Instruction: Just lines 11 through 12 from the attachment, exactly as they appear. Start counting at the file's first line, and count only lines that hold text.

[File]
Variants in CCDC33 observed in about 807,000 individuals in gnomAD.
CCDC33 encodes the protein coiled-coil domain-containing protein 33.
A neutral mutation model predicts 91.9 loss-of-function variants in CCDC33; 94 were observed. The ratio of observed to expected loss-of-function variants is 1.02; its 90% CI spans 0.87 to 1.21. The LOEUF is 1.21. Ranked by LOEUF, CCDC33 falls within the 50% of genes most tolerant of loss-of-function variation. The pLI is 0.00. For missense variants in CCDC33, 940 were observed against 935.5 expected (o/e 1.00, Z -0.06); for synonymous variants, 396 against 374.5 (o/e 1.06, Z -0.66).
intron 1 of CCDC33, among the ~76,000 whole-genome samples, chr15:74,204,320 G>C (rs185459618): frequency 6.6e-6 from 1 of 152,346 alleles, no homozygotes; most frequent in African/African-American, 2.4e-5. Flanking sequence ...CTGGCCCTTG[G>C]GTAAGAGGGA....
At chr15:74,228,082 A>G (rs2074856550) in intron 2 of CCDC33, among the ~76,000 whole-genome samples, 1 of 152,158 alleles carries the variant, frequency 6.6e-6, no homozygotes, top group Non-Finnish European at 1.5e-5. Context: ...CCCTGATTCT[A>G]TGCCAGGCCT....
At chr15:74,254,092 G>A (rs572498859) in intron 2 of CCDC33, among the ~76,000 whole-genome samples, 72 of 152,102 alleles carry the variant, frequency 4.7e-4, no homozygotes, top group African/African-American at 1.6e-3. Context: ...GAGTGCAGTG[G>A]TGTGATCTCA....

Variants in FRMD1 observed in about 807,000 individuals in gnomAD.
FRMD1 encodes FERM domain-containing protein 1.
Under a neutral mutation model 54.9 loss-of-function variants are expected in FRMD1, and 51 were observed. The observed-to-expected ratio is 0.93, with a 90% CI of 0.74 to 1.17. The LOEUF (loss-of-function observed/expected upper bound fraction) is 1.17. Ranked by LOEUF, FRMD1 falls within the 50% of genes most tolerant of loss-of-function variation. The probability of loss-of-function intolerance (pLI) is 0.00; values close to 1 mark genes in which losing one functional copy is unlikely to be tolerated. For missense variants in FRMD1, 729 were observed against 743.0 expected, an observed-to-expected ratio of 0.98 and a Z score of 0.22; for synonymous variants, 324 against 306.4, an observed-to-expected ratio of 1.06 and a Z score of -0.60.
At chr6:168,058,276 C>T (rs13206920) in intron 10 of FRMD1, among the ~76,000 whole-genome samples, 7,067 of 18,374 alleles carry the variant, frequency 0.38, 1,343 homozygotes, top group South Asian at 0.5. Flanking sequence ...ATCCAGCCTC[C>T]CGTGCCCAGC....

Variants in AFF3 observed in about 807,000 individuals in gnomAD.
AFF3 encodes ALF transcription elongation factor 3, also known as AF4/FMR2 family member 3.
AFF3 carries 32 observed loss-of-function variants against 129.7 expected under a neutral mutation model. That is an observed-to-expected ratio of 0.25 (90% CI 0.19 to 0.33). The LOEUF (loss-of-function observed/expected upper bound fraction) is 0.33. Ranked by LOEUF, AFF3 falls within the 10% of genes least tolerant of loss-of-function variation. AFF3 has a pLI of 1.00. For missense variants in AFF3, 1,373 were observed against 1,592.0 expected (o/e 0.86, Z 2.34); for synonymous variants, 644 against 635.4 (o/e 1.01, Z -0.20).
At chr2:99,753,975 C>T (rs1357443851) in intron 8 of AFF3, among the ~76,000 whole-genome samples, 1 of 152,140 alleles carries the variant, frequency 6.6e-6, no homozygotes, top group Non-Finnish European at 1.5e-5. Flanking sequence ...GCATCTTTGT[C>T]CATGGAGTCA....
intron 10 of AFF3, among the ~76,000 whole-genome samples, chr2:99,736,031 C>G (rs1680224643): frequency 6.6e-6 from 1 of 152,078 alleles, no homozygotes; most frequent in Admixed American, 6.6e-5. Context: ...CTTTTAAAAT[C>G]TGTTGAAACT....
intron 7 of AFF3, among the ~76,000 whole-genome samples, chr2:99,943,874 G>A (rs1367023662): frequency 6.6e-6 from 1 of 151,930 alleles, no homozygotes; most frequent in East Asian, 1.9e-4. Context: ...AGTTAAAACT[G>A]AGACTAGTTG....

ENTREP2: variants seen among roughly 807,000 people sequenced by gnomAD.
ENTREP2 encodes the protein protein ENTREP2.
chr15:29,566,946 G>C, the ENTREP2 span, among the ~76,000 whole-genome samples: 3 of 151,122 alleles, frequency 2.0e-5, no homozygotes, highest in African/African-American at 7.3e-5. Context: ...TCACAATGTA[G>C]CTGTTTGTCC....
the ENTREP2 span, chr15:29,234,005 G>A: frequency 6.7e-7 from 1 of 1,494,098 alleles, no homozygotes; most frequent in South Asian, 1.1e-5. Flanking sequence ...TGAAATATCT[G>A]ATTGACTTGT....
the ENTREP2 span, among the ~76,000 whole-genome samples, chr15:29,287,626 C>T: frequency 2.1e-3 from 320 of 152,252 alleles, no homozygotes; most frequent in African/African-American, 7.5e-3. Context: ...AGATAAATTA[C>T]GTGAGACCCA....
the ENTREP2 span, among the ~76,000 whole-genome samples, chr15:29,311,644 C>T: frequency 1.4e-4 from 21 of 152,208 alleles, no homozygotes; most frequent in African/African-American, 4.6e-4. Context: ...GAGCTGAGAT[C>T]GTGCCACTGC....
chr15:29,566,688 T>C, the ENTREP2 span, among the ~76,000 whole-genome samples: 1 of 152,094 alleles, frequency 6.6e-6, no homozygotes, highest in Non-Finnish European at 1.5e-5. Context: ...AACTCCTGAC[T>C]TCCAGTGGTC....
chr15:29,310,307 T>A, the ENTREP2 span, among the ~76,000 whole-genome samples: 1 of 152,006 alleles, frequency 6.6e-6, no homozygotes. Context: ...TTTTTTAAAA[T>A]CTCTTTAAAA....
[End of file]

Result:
Variants in AFF3 observed in about 807,000 individuals in gnomAD.
AFF3 encodes ALF transcription elongation factor 3, also known as AF4/FMR2 family member 3.